Burma's opposition leader was named as this year's guest director, following Brian Eno last year and Anish Kapoor in 2009.

Aung San Suu Kyi sent the festival this statement: "It is especially pleasing for me to see, albeit remotely, Brighton festival taking shape this year, and to think that so many people will come together in May to celebrate great art and experience the inner peace it brings.

"It is wonderful too to know that there is such support for the effort to bring democracy and freedom to Burma, for which the Burmese people have been diligently working for so long. I wish everyone involved in Brighton festival this year – the artists and the audience – the happiest of times. Please continue to use your liberty to promote ours."

Saturday, 18 June 2011

"Meditating in Silence as the Fire Draws Near"

Here's an interesting story I spotted in the New York Times......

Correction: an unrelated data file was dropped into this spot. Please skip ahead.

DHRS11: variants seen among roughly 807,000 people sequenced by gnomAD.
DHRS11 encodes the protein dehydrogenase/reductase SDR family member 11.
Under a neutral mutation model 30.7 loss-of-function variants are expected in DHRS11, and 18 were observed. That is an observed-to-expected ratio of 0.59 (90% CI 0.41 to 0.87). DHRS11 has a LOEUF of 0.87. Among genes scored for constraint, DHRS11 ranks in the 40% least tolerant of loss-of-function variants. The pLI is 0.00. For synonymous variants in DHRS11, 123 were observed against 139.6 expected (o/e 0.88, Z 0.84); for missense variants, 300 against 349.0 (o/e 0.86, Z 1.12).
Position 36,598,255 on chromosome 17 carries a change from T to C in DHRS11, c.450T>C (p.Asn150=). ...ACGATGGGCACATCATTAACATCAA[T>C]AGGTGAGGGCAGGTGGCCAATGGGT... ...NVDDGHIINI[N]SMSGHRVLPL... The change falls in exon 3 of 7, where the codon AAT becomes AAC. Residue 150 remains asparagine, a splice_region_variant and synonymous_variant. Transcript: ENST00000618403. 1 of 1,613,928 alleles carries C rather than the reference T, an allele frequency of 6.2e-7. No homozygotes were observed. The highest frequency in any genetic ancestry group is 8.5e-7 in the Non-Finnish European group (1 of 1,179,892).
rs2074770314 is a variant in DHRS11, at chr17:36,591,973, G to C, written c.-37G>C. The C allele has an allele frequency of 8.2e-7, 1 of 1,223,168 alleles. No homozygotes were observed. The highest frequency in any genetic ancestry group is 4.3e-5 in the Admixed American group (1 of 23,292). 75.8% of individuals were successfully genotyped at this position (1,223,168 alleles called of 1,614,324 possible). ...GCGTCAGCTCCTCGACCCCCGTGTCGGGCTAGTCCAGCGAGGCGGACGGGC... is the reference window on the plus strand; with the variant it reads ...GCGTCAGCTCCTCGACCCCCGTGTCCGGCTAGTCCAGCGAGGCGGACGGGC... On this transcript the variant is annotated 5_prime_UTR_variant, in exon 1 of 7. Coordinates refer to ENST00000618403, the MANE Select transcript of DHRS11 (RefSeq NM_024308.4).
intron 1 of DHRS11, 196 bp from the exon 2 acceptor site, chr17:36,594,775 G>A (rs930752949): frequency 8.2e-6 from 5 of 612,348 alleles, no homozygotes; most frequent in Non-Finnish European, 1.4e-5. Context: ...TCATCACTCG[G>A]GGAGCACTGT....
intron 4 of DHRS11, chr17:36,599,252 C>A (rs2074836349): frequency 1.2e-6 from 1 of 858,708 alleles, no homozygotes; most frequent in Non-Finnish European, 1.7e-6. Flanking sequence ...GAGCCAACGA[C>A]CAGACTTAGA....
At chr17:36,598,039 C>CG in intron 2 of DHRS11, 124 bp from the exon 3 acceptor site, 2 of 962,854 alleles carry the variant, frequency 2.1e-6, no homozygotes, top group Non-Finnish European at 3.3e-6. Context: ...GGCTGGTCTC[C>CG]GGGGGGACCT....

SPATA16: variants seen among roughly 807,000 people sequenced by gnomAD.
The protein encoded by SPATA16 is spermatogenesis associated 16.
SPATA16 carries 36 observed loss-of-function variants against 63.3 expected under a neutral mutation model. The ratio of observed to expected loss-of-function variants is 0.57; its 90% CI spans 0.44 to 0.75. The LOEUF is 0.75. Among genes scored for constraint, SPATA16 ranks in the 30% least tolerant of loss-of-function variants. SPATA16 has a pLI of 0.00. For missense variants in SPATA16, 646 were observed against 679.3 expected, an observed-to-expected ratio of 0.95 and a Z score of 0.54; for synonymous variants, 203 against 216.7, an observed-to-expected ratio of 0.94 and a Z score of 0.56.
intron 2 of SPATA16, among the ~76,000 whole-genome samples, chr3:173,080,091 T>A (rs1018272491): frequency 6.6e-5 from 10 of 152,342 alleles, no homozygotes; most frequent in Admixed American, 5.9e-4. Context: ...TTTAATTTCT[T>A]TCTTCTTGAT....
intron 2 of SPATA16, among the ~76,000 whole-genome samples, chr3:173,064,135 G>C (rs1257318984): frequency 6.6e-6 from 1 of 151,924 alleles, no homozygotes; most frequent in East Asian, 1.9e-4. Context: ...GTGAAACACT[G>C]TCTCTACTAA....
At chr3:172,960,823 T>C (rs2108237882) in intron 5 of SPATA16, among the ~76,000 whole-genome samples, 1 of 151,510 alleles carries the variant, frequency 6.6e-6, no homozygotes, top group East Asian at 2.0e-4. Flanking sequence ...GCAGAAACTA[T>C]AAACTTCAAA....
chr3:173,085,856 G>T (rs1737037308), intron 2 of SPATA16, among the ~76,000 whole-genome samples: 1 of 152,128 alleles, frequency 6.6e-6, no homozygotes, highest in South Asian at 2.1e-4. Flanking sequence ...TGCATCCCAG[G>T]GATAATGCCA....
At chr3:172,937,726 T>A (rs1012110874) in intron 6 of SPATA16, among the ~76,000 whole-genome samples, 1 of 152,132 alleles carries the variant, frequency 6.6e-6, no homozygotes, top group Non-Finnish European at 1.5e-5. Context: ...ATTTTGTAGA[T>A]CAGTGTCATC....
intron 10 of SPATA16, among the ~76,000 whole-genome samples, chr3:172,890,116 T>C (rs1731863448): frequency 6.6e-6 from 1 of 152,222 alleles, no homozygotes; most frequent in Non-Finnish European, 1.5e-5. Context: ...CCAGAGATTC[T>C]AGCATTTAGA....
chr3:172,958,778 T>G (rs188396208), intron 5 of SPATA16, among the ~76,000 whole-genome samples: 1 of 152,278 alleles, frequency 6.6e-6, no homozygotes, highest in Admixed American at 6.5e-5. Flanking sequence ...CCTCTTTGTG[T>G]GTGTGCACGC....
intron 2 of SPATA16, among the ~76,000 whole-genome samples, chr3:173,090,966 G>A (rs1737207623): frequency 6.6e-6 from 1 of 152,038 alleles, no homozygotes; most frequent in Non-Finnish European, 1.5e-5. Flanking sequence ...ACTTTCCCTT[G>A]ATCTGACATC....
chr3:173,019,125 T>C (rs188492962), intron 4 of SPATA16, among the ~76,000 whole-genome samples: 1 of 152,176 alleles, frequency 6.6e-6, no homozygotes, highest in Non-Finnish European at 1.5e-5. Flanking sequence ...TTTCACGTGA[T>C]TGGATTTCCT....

Those living in the path of a huge wildfire typically express all sorts of emotions, but in one remote community in south-eastern Arizona, the reaction has been muted.

The 39 Buddhists living at the Diamond Mound Retreat Centre near Bowie, Arizona., are about six months into a three-year solitary retreat that includes a vow of silence. Ranging in age from their mid-20s to their late 60s, participants spend their days in intense meditation, living in basic huts that are separated from one another, in a spiritual exercise aimed at promoting world peace one person at a time.

Those administering the program are in regular contact with fire-fighters on the front lines of the Horseshoe 2 Fire, which has burned in excess of 200,000 acres in the Chiricahua Mountains since May 8, and say they are awaiting word from the Cochise County Sheriff’s Department on whether an evacuation will be necessary.

“They can see the smoke coming over the hill,”

Friday, 17 June 2011

The Dalai Lama and the Pizza Shop

So have you heard the one about the Dalai Lama and the Pizza Shop?

Thursday, 16 June 2011

FULL MOON – Thursday 16th June 2011

Those who have renounced
the use of force
in relationship to other beings
whether weak or strong,